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"As long as human rights are violated, there can be no foundation for peace. How can peace grow where speaking the truth is itself a crime?"

Through the eyes of witnesses

July 30, 2010

J.M.
The Economist (UK)
July 28th 2010

BEIJING -- YOUR correspondent was on leave on
July 22nd, when Human Rights Watch released its
report on the abuses that Chinese security forces
are alleged to have committed in Tibet since the
massive eruption of anti-Chinese unrest there in
2008. The 73-page document describes itself as
the first comprehensive examination of the
ongoing crackdown. Based largely on interviews
with 200-odd Tibetans who left the region as
refugees or on visits, it is a valuable
contribution to an under-reported story.

China is adept at ensuring that little news of
such repression gets out. In the far western
province of Xinjiang, where the authorities have
been cracking down since an outbreak of ethnic
violence in July last year, the tactic has been
to sever communications links with the outside
world by mobile telephone or the internet (though
restrictions have been relaxed since May). On the
Tibetan plateau, the authorities in some places
confiscated mobile phones and computers from
monks and made it all the more difficult for
foreign journalists—who are rarely welcome at the
best of times—to visit. By chance I was the only
foreign reporter on the spot when rioting erupted
in Lhasa on March 14th 2008. I was not allowed
back again until nearly two years later and then
only for a frustratingly brief tour.

Human Rights Watch documents killings, torture,
show trials, beatings and arrests galore. Much to
its credit, it does not attempt to weave in
reports that come via long-term Tibetan exiles,
many of which are difficult to verify. The
Tibetan government-in-exile has reported more
than 200 Tibetans killed by the security forces
since March 2008, including at least 80 who died
on March 14th that year. In support of this
figure it has cited the alleged spotting of some
80 bodies piled near a Lhasa police station on the following day.

The report from Human Rights Watch appears to be
more cautious. Many Tibetans may well have been
killed by police gunfire across the Tibetan
plateau, but the report sticks mainly to accounts
that it says have been corroborated by multiple
sources. In the case of Lhasa, it acknowledges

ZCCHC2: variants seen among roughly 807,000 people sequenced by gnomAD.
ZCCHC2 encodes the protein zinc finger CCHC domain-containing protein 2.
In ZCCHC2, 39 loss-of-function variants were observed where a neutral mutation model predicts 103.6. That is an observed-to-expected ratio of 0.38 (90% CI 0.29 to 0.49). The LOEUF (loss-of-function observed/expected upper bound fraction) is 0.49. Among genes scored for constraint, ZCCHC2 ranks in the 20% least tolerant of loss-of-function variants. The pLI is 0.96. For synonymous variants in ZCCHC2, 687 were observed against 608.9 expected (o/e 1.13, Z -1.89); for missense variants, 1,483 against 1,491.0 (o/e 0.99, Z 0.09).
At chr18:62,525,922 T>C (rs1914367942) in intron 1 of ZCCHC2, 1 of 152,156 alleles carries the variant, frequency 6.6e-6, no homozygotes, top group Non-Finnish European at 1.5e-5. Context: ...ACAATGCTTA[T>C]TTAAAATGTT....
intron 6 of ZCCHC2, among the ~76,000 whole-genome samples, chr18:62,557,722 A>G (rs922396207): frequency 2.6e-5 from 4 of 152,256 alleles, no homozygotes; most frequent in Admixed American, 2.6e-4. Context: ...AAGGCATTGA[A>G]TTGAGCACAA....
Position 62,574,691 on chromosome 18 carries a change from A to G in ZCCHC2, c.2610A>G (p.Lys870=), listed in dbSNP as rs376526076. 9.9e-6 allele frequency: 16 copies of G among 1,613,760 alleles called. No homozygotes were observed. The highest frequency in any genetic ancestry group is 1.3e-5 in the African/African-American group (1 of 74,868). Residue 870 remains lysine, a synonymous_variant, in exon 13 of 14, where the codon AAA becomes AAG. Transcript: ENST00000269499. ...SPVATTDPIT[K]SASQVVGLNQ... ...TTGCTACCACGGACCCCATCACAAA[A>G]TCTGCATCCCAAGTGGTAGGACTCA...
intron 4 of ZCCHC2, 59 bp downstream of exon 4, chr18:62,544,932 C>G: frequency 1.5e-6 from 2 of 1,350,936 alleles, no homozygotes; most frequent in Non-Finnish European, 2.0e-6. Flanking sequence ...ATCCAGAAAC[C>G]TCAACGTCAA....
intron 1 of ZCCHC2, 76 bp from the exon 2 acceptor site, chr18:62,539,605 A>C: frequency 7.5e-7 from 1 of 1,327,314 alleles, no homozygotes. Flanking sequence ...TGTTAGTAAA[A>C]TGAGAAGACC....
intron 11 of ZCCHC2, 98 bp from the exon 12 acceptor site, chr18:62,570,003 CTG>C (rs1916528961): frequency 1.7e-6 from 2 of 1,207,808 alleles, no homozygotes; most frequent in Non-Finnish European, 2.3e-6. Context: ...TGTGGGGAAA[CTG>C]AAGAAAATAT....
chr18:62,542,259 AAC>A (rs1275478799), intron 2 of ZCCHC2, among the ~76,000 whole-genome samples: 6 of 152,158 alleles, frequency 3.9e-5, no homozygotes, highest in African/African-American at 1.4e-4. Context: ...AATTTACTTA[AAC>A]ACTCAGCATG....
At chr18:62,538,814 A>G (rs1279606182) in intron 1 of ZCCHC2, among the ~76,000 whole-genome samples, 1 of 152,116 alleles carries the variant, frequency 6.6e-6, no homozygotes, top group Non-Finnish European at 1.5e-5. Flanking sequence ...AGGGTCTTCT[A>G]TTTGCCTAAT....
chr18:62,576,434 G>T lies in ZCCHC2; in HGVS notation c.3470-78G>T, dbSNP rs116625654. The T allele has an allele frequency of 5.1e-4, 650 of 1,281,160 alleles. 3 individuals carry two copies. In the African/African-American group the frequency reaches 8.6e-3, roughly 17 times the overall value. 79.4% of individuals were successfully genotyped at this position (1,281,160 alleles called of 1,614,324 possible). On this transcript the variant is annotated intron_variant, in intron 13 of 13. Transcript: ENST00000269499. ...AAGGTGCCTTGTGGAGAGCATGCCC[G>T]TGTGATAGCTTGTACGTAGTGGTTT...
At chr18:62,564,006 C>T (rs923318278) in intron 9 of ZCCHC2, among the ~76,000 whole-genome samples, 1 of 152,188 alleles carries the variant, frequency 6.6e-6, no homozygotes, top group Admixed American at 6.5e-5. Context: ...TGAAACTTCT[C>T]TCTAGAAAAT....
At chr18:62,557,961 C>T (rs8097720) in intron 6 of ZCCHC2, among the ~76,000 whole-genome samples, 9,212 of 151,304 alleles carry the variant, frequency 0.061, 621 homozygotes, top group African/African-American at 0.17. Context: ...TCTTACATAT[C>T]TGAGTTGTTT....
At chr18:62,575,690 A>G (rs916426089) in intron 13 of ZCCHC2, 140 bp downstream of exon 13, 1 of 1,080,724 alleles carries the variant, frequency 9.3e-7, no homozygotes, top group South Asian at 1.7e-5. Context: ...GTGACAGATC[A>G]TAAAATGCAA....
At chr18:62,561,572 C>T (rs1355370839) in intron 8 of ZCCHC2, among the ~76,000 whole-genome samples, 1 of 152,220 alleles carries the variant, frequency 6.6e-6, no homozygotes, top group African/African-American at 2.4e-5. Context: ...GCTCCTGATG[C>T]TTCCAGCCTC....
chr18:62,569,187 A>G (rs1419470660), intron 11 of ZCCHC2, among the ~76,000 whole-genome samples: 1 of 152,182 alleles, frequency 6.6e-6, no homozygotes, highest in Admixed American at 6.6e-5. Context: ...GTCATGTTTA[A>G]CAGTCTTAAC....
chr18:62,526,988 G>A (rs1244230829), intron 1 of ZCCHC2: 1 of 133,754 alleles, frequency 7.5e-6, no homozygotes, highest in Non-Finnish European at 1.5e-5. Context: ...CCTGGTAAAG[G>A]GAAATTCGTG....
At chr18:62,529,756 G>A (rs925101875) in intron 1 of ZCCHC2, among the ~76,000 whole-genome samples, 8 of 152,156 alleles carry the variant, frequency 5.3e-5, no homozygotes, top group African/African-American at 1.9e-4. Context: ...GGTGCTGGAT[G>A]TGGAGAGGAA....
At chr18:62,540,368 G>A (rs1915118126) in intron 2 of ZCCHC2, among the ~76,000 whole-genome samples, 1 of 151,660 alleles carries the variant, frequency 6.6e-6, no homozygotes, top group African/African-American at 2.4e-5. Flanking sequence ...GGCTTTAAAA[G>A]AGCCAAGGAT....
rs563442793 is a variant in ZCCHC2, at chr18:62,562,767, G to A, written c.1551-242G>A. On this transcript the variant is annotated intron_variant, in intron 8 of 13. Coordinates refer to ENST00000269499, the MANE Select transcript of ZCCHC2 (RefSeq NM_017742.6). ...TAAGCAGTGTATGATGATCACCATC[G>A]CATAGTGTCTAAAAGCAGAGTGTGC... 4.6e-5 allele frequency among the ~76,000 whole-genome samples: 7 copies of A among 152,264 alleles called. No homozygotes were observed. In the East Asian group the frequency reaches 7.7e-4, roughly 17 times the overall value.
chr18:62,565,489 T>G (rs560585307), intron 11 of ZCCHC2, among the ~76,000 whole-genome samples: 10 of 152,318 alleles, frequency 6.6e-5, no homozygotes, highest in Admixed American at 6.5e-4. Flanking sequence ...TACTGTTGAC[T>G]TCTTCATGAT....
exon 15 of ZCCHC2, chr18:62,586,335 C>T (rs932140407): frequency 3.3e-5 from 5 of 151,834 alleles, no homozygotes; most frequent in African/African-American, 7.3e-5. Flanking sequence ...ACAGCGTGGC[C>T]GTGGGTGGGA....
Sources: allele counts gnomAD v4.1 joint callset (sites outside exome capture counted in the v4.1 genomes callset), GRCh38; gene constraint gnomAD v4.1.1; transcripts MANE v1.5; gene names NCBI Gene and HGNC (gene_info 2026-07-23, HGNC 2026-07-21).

“persistent rumours” that security forces
systematically removed Tibetan fatalities in
order to conceal their use of lethal force on
March 14th and 15th.  The report also quotes
several witnesses who describe having seen
civilians shot dead during the unrest in Lhasa.
Some of them saw an incident in the southern part
of the Tibetan quarter on March 14th in which
several people were reported to have been killed.

These accounts shed useful light on what is still
a murky picture of what happened in Lhasa on
those two days. Though I had been able to move
about the city with little restriction at the
time I did not at any point see troops fire
directly on anybody. I did not even did he hear
the sound of gunfire until the 15th. But the area
affected was so large that brief, scattered
shootings could well have occurred around the
city without my being aware. (Human Rights Watch
notes that China has not yet addressed why its
security forces abandoned Lhasa’s city centre to
protesters and looters for several hours on March
14th.) Oddly perhaps—given that many residents
have camera-enabled mobile phones, access to the
internet was not specially restricted and a mood
of anarchy prevailed in the Tibetan quarter—no
photographs hinting at security forces' use of lethal force have emerged.

But although the Lhasa rioting was huge in scale
and in the extent of its political impact, it was
only one of dozens of flare-ups across the
Tibetan plateau. The Human Rights Watch report
provides record of shootings and other brutality
by the security forces that happened in areas
where correspondents have had even greater
difficulty gaining access, especially in Tibetan
areas of Sichuan Province. There is no doubt that
the authorities have used fear to cast a pall of
silence over a vast territory. Many Tibetans were
jailed in connection with the unrest; Human
Rights Watch says that seven were sentenced in
October and November 2008 for reporting
information about the situation in Lhasa to the
outside world. Their terms ranged from eight
years to life. No wonder so little is known.
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